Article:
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CMS Sharpens Focus on Medication-Related Adverse Events

      Although prescribed to address conditions and diagnoses, medications are inherently dangerous if not administered and monitored correctly. Residents in PA/LTC facilities are prescribed numerous medications and are very vulnerable to medication-related adverse events. Not only are nursing facilities required to administer medications per appropriate physician orders, but also the facilities must consistently follow policies and procedures for monitoring medication levels for a number of medications. The Centers for Medicare & Medicaid Services issued a Survey and Certification Memo on July 17, 2015 (www.cms.gov/Medicare/Provider-Enrollment-and-Certification/SurveyCertificationGenInfo/Downloads/Survey-and-Cert-Letter-15-47.pdf). highlighting the agency's concerns about the prevalence of medication-related adverse events. The concern over medication-related injuries is not a new concern for CMS, state survey agencies, or nursing facilities.

      Failure to Monitor Anticoagulants

      Medication-related adverse events have resulted in many regulatory citations with resulting civil money penalties and other sanctions imposed by CMS. Two Departmental Appeals Board (DAB) cases outline concerns cited related to anticoagulant therapy and the potential dangers to residents, with failure to monitor for potential negative resident outcomes and failure to follow the standards of care. A 2011 DAB appellate case of Universal Health Care-King (Dec. No. 2383, June 2011) upheld the immediate jeopardy determination with more than 180 days cited by the North Carolina state survey agency related to a failure to adequately monitor warfarin (Coumadin) anticoagulant therapy. The three-judge appellate panel upheld the administrative law judge's findings that the facility failed to timely obtain laboratory monitoring and also failed to timely notify the physician of critically high blood levels, which placed the resident at significant risk of bleeding. In this instance, one resident was receiving warfarin therapy with the need for daily laboratory monitoring. On several occasions, the facility failed to timely obtain the necessary laboratory testing, which resulted in wide fluctuations in the blood activity level of warfarin and placed the resident either at risk of excessive bleeding or of potential thrombotic complications. The state survey agency cited, and the administrative law judge and the appellate panel upheld, the significant length of time for the immediate jeopardy based upon the failure to monitor and the failure to fully implement an effective system to prevent medication-related adverse events, particularly for anticoagulants.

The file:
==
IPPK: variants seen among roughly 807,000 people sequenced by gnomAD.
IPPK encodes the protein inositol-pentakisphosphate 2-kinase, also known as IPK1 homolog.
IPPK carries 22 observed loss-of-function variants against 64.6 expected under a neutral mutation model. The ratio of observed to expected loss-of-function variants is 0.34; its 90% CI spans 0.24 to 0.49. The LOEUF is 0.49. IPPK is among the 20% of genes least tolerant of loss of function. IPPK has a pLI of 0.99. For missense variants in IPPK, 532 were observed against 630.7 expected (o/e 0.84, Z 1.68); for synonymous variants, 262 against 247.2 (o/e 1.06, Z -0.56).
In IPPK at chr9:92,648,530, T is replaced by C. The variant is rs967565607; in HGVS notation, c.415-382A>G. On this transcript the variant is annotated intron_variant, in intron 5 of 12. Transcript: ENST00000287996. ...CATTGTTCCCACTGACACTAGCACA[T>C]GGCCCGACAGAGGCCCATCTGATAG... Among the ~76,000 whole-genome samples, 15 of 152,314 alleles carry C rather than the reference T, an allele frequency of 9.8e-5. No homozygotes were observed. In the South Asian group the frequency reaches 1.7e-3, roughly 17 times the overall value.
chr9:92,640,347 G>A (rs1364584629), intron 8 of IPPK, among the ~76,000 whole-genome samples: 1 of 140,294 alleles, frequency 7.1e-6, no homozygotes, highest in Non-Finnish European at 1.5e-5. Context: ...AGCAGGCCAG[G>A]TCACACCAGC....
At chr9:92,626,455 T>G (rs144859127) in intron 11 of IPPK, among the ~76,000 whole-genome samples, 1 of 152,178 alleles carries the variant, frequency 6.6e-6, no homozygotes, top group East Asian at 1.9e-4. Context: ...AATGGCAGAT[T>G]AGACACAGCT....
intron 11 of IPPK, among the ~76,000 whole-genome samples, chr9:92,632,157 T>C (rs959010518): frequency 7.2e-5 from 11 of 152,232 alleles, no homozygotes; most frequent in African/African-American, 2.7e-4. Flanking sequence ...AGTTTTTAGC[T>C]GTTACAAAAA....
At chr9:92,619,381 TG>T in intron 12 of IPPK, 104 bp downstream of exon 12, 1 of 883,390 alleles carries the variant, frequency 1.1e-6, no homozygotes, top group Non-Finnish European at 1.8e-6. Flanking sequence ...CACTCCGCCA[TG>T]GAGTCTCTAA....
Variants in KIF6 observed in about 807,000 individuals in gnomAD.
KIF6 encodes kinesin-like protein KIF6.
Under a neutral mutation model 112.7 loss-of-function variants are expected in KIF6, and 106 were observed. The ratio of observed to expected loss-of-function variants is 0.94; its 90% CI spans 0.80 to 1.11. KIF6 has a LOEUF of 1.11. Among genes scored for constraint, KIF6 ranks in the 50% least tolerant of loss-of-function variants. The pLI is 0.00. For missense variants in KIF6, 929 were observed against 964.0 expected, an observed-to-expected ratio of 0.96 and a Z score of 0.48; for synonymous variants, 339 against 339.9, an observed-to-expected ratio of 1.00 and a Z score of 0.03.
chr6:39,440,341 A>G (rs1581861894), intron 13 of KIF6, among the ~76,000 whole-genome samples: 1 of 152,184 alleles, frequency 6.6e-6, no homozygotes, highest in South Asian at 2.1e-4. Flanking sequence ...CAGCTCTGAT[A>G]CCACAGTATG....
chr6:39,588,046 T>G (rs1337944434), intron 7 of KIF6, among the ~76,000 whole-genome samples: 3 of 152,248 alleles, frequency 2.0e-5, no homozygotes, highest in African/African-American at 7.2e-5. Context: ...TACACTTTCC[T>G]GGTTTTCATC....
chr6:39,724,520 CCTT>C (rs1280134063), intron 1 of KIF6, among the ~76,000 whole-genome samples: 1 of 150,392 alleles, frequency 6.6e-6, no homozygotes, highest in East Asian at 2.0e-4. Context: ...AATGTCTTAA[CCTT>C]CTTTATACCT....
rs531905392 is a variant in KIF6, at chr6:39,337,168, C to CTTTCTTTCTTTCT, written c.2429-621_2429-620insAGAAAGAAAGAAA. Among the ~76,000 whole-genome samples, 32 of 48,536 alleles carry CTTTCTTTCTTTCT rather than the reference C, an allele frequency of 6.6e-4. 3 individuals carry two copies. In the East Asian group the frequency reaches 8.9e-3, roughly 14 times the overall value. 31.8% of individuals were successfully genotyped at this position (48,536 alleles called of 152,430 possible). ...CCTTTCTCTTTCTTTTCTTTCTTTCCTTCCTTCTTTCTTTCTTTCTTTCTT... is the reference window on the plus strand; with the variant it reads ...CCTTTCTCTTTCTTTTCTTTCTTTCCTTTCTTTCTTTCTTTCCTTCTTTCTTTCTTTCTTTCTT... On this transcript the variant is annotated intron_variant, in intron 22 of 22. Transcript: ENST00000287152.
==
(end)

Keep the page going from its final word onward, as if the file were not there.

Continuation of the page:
Similarly, the DAB administrative law judge upheld the Louisiana State Agency's immediate jeopardy citation to Grace Nursing Home (CR2250, September 2010) and the issuance of a per instance civil money penalty for the failure to monitor anticoagulant therapy resulting in one resident's hospitalization for warfarin toxicity. The facility failed to obtain the ordered laboratory tests to monitor the warfarin activity (using International Normalized Ratio [INR] levels) for more than a week. The resident's INR rose to a critical level, resulting in approximately one week's hospitalization. These cases are just two examples of a number of DAB cases challenging immediate jeopardy citations related to the failure to adequately administer and monitor anticoagulants.